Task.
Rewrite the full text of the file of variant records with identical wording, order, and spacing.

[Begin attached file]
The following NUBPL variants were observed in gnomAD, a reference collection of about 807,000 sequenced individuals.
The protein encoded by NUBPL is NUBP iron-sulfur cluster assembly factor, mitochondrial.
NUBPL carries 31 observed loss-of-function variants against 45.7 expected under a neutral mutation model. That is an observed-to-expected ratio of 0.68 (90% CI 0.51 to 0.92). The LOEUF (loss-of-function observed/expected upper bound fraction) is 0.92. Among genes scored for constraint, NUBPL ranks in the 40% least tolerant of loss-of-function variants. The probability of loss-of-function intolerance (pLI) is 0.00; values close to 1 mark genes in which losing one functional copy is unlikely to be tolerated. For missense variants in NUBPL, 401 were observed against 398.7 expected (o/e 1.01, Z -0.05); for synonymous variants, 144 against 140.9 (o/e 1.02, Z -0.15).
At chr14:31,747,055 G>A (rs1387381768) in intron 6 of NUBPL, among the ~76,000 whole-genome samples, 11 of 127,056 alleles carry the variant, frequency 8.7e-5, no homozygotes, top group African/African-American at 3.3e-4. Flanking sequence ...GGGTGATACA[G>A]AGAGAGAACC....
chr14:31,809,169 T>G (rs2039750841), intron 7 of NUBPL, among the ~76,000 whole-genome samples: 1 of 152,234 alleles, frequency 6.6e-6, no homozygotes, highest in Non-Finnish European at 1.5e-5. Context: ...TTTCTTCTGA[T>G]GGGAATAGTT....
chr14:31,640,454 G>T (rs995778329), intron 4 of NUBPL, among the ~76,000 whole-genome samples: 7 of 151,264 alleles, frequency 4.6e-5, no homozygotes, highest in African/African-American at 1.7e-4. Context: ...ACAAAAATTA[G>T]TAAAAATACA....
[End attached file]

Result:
The following NUBPL variants were observed in gnomAD, a reference collection of about 807,000 sequenced individuals.
The protein encoded by NUBPL is NUBP iron-sulfur cluster assembly factor, mitochondrial.
NUBPL carries 31 observed loss-of-function variants against 45.7 expected under a neutral mutation model. That is an observed-to-expected ratio of 0.68 (90% CI 0.51 to 0.92). The LOEUF (loss-of-function observed/expected upper bound fraction) is 0.92. Among genes scored for constraint, NUBPL ranks in the 40% least tolerant of loss-of-function variants. The probability of loss-of-function intolerance (pLI) is 0.00; values close to 1 mark genes in which losing one functional copy is unlikely to be tolerated. For missense variants in NUBPL, 401 were observed against 398.7 expected (o/e 1.01, Z -0.05); for synonymous variants, 144 against 140.9 (o/e 1.02, Z -0.15).
At chr14:31,747,055 G>A (rs1387381768) in intron 6 of NUBPL, among the ~76,000 whole-genome samples, 11 of 127,056 alleles carry the variant, frequency 8.7e-5, no homozygotes, top group African/African-American at 3.3e-4. Flanking sequence ...GGGTGATACA[G>A]AGAGAGAACC....
chr14:31,809,169 T>G (rs2039750841), intron 7 of NUBPL, among the ~76,000 whole-genome samples: 1 of 152,234 alleles, frequency 6.6e-6, no homozygotes, highest in Non-Finnish European at 1.5e-5. Context: ...TTTCTTCTGA[T>G]GGGAATAGTT....
chr14:31,640,454 G>T (rs995778329), intron 4 of NUBPL, among the ~76,000 whole-genome samples: 7 of 151,264 alleles, frequency 4.6e-5, no homozygotes, highest in African/African-American at 1.7e-4. Context: ...ACAAAAATTA[G>T]TAAAAATACA....